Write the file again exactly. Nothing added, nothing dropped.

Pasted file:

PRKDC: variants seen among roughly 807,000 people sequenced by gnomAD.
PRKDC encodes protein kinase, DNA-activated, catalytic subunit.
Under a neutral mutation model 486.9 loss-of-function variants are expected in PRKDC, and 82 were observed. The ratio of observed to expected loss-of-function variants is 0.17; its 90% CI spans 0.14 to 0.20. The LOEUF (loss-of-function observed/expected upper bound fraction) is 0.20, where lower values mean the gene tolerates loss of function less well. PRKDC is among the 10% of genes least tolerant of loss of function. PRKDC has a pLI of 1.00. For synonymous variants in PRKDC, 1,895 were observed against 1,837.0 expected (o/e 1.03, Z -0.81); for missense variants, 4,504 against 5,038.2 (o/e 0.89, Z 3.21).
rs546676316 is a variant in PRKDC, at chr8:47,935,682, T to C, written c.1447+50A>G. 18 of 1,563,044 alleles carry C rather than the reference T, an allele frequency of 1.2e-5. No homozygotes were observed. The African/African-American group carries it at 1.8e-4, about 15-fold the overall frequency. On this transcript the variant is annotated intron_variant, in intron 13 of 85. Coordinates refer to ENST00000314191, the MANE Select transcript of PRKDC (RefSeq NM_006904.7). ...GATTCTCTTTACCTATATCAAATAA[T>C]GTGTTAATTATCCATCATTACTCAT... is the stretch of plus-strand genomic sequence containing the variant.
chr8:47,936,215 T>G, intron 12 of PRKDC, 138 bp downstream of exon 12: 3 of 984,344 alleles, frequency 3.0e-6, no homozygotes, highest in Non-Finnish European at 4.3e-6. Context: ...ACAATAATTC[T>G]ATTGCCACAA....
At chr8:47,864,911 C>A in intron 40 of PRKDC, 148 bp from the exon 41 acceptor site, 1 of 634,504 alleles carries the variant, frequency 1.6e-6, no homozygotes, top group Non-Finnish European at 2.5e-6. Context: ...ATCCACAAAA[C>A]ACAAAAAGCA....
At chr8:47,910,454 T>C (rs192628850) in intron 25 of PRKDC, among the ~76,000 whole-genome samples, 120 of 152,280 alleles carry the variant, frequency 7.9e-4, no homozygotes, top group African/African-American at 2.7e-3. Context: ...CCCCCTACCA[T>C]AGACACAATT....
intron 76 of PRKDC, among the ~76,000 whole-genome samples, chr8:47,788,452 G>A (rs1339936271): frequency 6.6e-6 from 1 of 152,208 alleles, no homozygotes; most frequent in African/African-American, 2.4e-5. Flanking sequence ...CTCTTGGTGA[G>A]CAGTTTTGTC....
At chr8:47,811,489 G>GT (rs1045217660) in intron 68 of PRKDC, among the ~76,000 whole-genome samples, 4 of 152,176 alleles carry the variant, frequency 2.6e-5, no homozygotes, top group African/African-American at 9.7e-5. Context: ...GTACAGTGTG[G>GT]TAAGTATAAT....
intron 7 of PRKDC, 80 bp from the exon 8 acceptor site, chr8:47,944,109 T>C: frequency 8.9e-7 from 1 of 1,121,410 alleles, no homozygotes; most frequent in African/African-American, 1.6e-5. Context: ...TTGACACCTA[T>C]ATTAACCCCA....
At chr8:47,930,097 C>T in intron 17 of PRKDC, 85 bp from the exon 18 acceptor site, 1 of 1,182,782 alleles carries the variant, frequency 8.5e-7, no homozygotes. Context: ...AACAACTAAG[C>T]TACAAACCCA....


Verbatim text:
PRKDC: variants seen among roughly 807,000 people sequenced by gnomAD.
PRKDC encodes protein kinase, DNA-activated, catalytic subunit.
Under a neutral mutation model 486.9 loss-of-function variants are expected in PRKDC, and 82 were observed. The ratio of observed to expected loss-of-function variants is 0.17; its 90% CI spans 0.14 to 0.20. The LOEUF (loss-of-function observed/expected upper bound fraction) is 0.20, where lower values mean the gene tolerates loss of function less well. PRKDC is among the 10% of genes least tolerant of loss of function. PRKDC has a pLI of 1.00. For synonymous variants in PRKDC, 1,895 were observed against 1,837.0 expected (o/e 1.03, Z -0.81); for missense variants, 4,504 against 5,038.2 (o/e 0.89, Z 3.21).
rs546676316 is a variant in PRKDC, at chr8:47,935,682, T to C, written c.1447+50A>G. 18 of 1,563,044 alleles carry C rather than the reference T, an allele frequency of 1.2e-5. No homozygotes were observed. The African/African-American group carries it at 1.8e-4, about 15-fold the overall frequency. On this transcript the variant is annotated intron_variant, in intron 13 of 85. Coordinates refer to ENST00000314191, the MANE Select transcript of PRKDC (RefSeq NM_006904.7). ...GATTCTCTTTACCTATATCAAATAA[T>C]GTGTTAATTATCCATCATTACTCAT... is the stretch of plus-strand genomic sequence containing the variant.
chr8:47,936,215 T>G, intron 12 of PRKDC, 138 bp downstream of exon 12: 3 of 984,344 alleles, frequency 3.0e-6, no homozygotes, highest in Non-Finnish European at 4.3e-6. Context: ...ACAATAATTC[T>G]ATTGCCACAA....
At chr8:47,864,911 C>A in intron 40 of PRKDC, 148 bp from the exon 41 acceptor site, 1 of 634,504 alleles carries the variant, frequency 1.6e-6, no homozygotes, top group Non-Finnish European at 2.5e-6. Context: ...ATCCACAAAA[C>A]ACAAAAAGCA....
At chr8:47,910,454 T>C (rs192628850) in intron 25 of PRKDC, among the ~76,000 whole-genome samples, 120 of 152,280 alleles carry the variant, frequency 7.9e-4, no homozygotes, top group African/African-American at 2.7e-3. Context: ...CCCCCTACCA[T>C]AGACACAATT....
intron 76 of PRKDC, among the ~76,000 whole-genome samples, chr8:47,788,452 G>A (rs1339936271): frequency 6.6e-6 from 1 of 152,208 alleles, no homozygotes; most frequent in African/African-American, 2.4e-5. Flanking sequence ...CTCTTGGTGA[G>A]CAGTTTTGTC....
At chr8:47,811,489 G>GT (rs1045217660) in intron 68 of PRKDC, among the ~76,000 whole-genome samples, 4 of 152,176 alleles carry the variant, frequency 2.6e-5, no homozygotes, top group African/African-American at 9.7e-5. Context: ...GTACAGTGTG[G>GT]TAAGTATAAT....
intron 7 of PRKDC, 80 bp from the exon 8 acceptor site, chr8:47,944,109 T>C: frequency 8.9e-7 from 1 of 1,121,410 alleles, no homozygotes; most frequent in African/African-American, 1.6e-5. Context: ...TTGACACCTA[T>C]ATTAACCCCA....
At chr8:47,930,097 C>T in intron 17 of PRKDC, 85 bp from the exon 18 acceptor site, 1 of 1,182,782 alleles carries the variant, frequency 8.5e-7, no homozygotes. Context: ...AACAACTAAG[C>T]TACAAACCCA....